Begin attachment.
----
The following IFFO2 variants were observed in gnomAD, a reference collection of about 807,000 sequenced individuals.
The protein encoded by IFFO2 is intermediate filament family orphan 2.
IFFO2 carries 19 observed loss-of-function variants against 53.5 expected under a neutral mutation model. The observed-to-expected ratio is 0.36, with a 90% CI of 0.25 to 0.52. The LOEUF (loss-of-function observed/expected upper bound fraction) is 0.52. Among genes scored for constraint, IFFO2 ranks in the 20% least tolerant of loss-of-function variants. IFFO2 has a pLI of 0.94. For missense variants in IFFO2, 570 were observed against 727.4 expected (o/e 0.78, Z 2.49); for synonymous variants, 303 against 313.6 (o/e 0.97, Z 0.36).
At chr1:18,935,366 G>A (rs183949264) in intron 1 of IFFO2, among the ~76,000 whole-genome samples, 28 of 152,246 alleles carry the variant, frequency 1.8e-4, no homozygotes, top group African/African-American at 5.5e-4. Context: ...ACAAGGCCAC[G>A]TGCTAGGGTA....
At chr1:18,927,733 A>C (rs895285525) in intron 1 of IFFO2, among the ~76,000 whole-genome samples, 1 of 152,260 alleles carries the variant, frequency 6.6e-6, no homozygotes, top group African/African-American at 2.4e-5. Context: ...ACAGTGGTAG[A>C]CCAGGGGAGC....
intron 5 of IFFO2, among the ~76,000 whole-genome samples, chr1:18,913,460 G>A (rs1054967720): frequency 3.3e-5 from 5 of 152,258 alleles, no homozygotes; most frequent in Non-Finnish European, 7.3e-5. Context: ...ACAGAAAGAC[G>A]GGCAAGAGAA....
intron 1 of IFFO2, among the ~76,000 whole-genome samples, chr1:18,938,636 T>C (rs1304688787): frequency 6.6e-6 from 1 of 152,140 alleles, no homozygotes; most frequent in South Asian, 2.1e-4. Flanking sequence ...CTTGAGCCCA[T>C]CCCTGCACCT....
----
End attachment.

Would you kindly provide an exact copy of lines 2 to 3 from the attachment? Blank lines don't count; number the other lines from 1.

The protein encoded by IFFO2 is intermediate filament family orphan 2.
IFFO2 carries 19 observed loss-of-function variants against 53.5 expected under a neutral mutation model. The observed-to-expected ratio is 0.36, with a 90% CI of 0.25 to 0.52. The LOEUF (loss-of-function observed/expected upper bound fraction) is 0.52. Among genes scored for constraint, IFFO2 ranks in the 20% least tolerant of loss-of-function variants. IFFO2 has a pLI of 0.94. For missense variants in IFFO2, 570 were observed against 727.4 expected (o/e 0.78, Z 2.49); for synonymous variants, 303 against 313.6 (o/e 0.97, Z 0.36).